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In Vivo Detection of Perinatal Brain Metabolite Changes in a Rabbit Model of Intrauterine Growth Restriction (IUGR).

Simões RV, Muñoz-Moreno E, Carbajo RJ, González-Tendero A, Illa M, Sanz-Cortés M, Pineda-Lucena A, Gratacós E - PLoS ONE (2015)

Bottom Line: Lower birth weight was associated with (i) smaller brain sizes, (ii) slightly lower brain temperatures, and (iii) differential metabolite profile changes in specific regions of the brain parenchyma.Specifically, we found estimated lower levels of aspartate and N-acetylaspartate (NAA) in the cerebral cortex and hippocampus (suggesting neuronal impairment), and higher glycine levels in the striatum (possible marker of brain injury).Our results also suggest that the metabolic changes in cortical regions are more prevalent than those detected in hippocampus and striatum.

View Article: PubMed Central - PubMed

Affiliation: BCNatal-Barcelona Center for Maternal-Fetal and Neonatal Medicine (Hospital Clínic and Hospital Sant Joan de Deu), Fetal i+D Fetal Medicine Research Center, IDIBAPS, University of Barcelona, Centre for Biomedical Research on Rare Diseases (CIBER-ER), Barcelona, Spain.

ABSTRACT

Background: Intrauterine growth restriction (IUGR) is a risk factor for abnormal neurodevelopment. We studied a rabbit model of IUGR by magnetic resonance imaging (MRI) and spectroscopy (MRS), to assess in vivo brain structural and metabolic consequences, and identify potential metabolic biomarkers for clinical translation.

Methods: IUGR was induced in 3 pregnant rabbits at gestational day 25, by 40-50% uteroplacental vessel ligation in one horn; the contralateral horn was used as control. Fetuses were delivered at day 30 and weighted. A total of 6 controls and 5 IUGR pups underwent T2-w MRI and localized proton MRS within the first 8 hours of life, at 7T. Changes in brain tissue volumes and respective contributions to each MRS voxel were estimated by semi-automated registration of MRI images with a digital atlas of the rabbit brain. MRS data were used for: (i) absolute metabolite quantifications, using linear fitting; (ii) local temperature estimations, based on the water chemical shift; and (iii) classification, using spectral pattern analysis.

Results: Lower birth weight was associated with (i) smaller brain sizes, (ii) slightly lower brain temperatures, and (iii) differential metabolite profile changes in specific regions of the brain parenchyma. Specifically, we found estimated lower levels of aspartate and N-acetylaspartate (NAA) in the cerebral cortex and hippocampus (suggesting neuronal impairment), and higher glycine levels in the striatum (possible marker of brain injury). Our results also suggest that the metabolic changes in cortical regions are more prevalent than those detected in hippocampus and striatum.

Conclusions: IUGR was associated with brain metabolic changes in vivo, which correlate well with the neurostructural changes and neurodevelopment problems described in IUGR. Metabolic parameters could constitute non invasive biomarkers for the diagnosis and abnormal neurodevelopment of perinatal origin.

No MeSH data available.


Related in: MedlinePlus

In vivo MRI with brain atlas registration and MRS voxel positions.(A) semi-automatic atlas registration on coronal T2-w image–legend: blue, cingulated cortex; orange and brown (outer), parietal cortex; purple, temporal cortex; grey, entorhinal cortex; red, subcortical white matter; green, hippocampus; orange and brown (inner), thalamus; yellow, corpus callosum; light orange, diencephalon. (B) MRS voxel positions on reference coronal T2-w MR images–from left to right: cortex, hippocampus, striatum.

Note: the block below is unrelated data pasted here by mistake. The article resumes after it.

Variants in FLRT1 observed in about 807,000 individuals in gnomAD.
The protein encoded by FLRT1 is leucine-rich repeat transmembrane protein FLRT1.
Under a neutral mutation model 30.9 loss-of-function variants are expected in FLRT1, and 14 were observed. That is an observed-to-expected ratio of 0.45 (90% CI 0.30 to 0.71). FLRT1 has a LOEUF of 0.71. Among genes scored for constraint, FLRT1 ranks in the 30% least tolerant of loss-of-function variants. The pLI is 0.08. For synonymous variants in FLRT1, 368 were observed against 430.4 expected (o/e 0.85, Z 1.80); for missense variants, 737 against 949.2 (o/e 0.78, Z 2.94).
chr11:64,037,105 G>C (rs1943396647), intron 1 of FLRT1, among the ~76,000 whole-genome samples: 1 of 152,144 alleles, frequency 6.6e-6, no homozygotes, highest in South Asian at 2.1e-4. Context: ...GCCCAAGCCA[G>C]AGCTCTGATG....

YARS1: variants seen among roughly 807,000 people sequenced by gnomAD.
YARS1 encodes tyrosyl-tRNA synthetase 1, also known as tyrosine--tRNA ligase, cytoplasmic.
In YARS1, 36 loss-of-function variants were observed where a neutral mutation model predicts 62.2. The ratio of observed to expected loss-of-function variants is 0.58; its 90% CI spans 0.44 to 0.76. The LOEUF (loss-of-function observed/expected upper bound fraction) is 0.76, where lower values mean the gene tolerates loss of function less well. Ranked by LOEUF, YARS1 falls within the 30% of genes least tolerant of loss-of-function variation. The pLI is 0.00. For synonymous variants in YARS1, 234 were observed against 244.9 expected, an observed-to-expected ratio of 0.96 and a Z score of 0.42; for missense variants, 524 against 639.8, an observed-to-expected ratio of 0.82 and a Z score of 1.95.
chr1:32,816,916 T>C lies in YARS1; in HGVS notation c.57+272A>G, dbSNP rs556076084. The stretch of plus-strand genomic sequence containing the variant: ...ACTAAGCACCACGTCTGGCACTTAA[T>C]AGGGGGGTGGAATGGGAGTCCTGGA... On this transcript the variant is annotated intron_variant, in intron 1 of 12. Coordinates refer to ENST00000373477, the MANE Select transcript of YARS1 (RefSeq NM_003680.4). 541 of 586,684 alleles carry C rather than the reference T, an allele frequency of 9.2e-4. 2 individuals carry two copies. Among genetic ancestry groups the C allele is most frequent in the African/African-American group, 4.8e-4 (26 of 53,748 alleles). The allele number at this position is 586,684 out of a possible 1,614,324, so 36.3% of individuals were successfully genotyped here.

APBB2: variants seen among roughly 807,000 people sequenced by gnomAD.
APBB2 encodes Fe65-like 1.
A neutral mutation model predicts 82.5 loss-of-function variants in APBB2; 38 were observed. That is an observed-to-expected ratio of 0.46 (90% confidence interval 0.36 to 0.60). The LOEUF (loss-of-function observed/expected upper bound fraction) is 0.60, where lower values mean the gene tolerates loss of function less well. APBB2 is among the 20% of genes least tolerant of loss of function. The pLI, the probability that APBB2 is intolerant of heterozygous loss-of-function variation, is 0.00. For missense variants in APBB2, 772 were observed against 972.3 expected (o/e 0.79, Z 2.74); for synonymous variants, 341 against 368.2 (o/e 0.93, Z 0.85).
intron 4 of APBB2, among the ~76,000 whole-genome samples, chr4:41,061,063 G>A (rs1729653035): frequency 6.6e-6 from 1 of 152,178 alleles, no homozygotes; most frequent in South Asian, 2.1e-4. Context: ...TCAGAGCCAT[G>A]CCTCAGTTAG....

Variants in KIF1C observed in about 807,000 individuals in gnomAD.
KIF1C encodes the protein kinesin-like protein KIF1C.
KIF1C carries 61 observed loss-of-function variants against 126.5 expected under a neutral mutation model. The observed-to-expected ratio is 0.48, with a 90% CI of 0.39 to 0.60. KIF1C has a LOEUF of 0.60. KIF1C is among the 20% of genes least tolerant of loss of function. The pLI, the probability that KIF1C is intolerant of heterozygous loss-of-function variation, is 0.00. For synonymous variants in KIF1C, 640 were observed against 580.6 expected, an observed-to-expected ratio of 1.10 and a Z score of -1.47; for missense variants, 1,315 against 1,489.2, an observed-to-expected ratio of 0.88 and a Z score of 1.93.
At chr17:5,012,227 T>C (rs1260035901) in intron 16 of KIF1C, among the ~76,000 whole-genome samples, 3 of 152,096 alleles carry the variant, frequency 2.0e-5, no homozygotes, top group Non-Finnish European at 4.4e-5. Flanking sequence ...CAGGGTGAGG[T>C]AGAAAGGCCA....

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pone.0131310.g001: In vivo MRI with brain atlas registration and MRS voxel positions.(A) semi-automatic atlas registration on coronal T2-w image–legend: blue, cingulated cortex; orange and brown (outer), parietal cortex; purple, temporal cortex; grey, entorhinal cortex; red, subcortical white matter; green, hippocampus; orange and brown (inner), thalamus; yellow, corpus callosum; light orange, diencephalon. (B) MRS voxel positions on reference coronal T2-w MR images–from left to right: cortex, hippocampus, striatum.

Mentions: In one of the litters, one IUGR newborn died before starting the MR study. Thus, a total of six controls and five IUGR newborns from three litters underwent MR examination within the first 8 h after delivery. The body weights of this subcohort (6 controls, 50–62g; 5 IUGRs, 29–36g) were representative of the main cohort (Table 1), and the relative positions of those fetuses in the respective horn were not significantly different between IUGRs (0.5±0.2) and controls (0.7±0.3, p = 0.279). IUGR pups were significantly smaller than controls (-44% body weight) and had smaller placentas (-43% weight) (Table 1). The registration of in vivo MRI data with the digital atlas of the rabbit brain showed differences in the estimated average volumes of the total brain and specific brain tissues investigated (Fig 1A). These parameters were all significantly smaller compared to controls: total brain, -18%; cortex, -19%; hippocampus, -23%; and striatum, -21% (Table 1). The estimated contribution of each tissue studied to the respective MRS voxel (Fig 1B) was always >50%, although some significant differences were noticed in cortex and hippocampus due to overall smaller sizes in IUGR (Table 1). Specifically in the cortex region, the average relative composition of cortical tissue in the voxel was: cingulate cortex, 60%; frontal cortex, 6%; medial frontal cortex, 4%; and parietal cortex, 9%. Moreover, the animal body (rectal) temperatures remained constant throughout the MR studies, and were identical in both groups (around 35°C). However, the estimated brain temperatures in the three brain regions studied were consistently lower than the body temperature (around 31–32°C). Also, estimated local temperatures in IUGR brains were slightly lower than in controls, reaching significance only in the cortex region (Table 1).